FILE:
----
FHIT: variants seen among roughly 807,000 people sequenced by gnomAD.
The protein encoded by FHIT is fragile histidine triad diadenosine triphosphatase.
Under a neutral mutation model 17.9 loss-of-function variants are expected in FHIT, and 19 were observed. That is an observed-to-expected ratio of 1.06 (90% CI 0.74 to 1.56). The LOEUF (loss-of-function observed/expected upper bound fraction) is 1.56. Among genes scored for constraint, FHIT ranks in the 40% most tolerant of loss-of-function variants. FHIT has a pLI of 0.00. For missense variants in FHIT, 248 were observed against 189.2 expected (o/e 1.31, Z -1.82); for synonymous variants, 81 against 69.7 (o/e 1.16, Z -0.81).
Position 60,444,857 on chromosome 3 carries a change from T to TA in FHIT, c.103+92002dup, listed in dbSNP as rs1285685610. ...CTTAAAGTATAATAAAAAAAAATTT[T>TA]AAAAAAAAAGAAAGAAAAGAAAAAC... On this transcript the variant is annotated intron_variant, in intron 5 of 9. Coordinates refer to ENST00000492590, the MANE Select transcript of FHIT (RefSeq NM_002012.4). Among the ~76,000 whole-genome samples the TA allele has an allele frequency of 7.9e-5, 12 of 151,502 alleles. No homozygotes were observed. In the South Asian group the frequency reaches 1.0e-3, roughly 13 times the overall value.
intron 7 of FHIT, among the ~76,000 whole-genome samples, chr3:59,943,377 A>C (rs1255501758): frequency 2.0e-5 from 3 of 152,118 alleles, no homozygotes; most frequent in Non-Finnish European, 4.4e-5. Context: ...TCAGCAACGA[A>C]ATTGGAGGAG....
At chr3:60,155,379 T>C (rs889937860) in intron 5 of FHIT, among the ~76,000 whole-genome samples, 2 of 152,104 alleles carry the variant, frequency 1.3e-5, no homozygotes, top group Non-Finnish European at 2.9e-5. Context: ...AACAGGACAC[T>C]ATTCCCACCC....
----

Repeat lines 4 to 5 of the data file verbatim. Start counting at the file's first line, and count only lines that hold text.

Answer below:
Position 60,444,857 on chromosome 3 carries a change from T to TA in FHIT, c.103+92002dup, listed in dbSNP as rs1285685610. ...CTTAAAGTATAATAAAAAAAAATTT[T>TA]AAAAAAAAAGAAAGAAAAGAAAAAC... On this transcript the variant is annotated intron_variant, in intron 5 of 9. Coordinates refer to ENST00000492590, the MANE Select transcript of FHIT (RefSeq NM_002012.4). Among the ~76,000 whole-genome samples the TA allele has an allele frequency of 7.9e-5, 12 of 151,502 alleles. No homozygotes were observed. In the South Asian group the frequency reaches 1.0e-3, roughly 13 times the overall value.
intron 7 of FHIT, among the ~76,000 whole-genome samples, chr3:59,943,377 A>C (rs1255501758): frequency 2.0e-5 from 3 of 152,118 alleles, no homozygotes; most frequent in Non-Finnish European, 4.4e-5. Context: ...TCAGCAACGA[A>C]ATTGGAGGAG....